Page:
It’s actually pretty interesting, Portorjet. The rules on cloud clearances have been around a long time. Wonder if it’s time to revisit the minimums given the performance of newer ACFT. Hell, Blackhawk King Airs are climbing at 3,000 ft/min and all those planes with Turbo 550s and the VLJs are all moving fast. Wonder how the airline guys feel about approved single pilot ops in Cessna Mustangs and VLJs, getting up into the flight levels while staring at a PFD most of the time? Not to mention RVS. I know that some Citations are single pilot approved but seems like its opening up to a lot more people. Is the big sky getting smaller?

That is about the normal rate for most jets. I fly a Gulfstream 2 and we normally pull the power about half way to idle while keeping cruise speed (.80-.82Mach) down to the low 30,000 ft. area then transition to 300-310 knots indicated at about 2500 FPM down to 10000 ft. By the time we get to 15,000ft. the power will be close to idle, with idle power used to slow the IAS to 250 at 10,000.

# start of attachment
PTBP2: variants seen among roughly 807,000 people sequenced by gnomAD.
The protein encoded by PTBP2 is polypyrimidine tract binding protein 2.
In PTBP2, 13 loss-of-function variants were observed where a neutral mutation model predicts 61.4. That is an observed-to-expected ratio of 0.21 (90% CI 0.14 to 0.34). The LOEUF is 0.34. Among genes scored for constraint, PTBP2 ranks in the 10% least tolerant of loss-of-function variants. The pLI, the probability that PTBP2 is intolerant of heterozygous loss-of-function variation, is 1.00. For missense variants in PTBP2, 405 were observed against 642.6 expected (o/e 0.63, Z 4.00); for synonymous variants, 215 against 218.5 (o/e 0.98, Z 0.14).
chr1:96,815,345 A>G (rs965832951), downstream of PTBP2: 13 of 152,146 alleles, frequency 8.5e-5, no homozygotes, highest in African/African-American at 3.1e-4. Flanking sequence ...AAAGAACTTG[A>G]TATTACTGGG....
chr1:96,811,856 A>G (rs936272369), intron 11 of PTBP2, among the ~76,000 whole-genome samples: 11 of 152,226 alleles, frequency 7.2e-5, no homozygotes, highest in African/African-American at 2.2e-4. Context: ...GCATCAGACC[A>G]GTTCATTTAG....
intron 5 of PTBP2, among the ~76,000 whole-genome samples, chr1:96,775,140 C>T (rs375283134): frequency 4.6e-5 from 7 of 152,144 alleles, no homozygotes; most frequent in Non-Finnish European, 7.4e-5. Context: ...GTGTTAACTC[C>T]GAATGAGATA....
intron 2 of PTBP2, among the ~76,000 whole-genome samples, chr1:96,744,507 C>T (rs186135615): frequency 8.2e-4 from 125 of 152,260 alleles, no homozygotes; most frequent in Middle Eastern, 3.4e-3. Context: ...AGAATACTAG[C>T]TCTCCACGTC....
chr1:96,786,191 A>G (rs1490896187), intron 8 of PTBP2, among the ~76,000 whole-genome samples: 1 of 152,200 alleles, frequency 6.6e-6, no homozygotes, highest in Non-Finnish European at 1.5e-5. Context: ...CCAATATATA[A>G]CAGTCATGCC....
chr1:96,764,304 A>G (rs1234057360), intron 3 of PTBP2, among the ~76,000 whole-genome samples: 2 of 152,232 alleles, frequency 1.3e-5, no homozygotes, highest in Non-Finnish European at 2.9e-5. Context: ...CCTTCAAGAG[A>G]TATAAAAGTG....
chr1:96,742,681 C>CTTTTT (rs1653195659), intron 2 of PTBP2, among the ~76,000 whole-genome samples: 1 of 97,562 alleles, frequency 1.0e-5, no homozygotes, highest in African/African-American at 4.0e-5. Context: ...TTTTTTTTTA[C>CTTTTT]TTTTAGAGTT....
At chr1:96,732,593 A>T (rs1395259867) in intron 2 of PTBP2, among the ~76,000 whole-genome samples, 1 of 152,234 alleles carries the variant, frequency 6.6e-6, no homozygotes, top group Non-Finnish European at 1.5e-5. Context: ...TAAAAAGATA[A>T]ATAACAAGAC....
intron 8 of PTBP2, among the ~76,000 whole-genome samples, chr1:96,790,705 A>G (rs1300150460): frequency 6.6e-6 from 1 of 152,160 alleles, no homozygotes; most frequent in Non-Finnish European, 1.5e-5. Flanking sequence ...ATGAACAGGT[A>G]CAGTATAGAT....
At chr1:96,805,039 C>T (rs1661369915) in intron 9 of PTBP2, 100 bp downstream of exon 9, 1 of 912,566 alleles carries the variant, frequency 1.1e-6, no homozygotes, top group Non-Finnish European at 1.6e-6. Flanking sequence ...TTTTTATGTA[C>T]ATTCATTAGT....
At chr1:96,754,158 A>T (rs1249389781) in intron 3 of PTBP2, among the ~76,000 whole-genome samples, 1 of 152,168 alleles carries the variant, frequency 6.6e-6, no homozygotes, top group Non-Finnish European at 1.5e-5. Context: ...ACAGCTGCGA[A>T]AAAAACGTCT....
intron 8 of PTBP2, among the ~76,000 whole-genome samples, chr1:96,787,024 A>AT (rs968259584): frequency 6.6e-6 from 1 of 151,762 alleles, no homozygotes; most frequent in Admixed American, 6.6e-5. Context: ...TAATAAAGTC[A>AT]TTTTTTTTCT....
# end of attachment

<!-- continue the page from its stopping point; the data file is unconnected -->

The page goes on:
After slowing to 250 the decent is about 1500-2000 FPM depending on the distance left to be flown. At about 15 miles and 4000 feet AGL to go we pull the power to idle, but keep the same decent rate. That starts to slow the airplane. At 5 miles or the outer marker the target is to have approach flaps with the speed at 170 ( full flap speed for the G2) and put the gear and full flaps down. If it is VFR we wait on the flaps until 500 AGL. Keeps thing quieter. Expect for the approach, none of that is with anything hanging out. If you really need to get down, idle power and speedbrakes will hold the same IAS but give more than 4000FPM without being to radical. 5000-6000FPM we do in the simulator while practicing the emergency decent.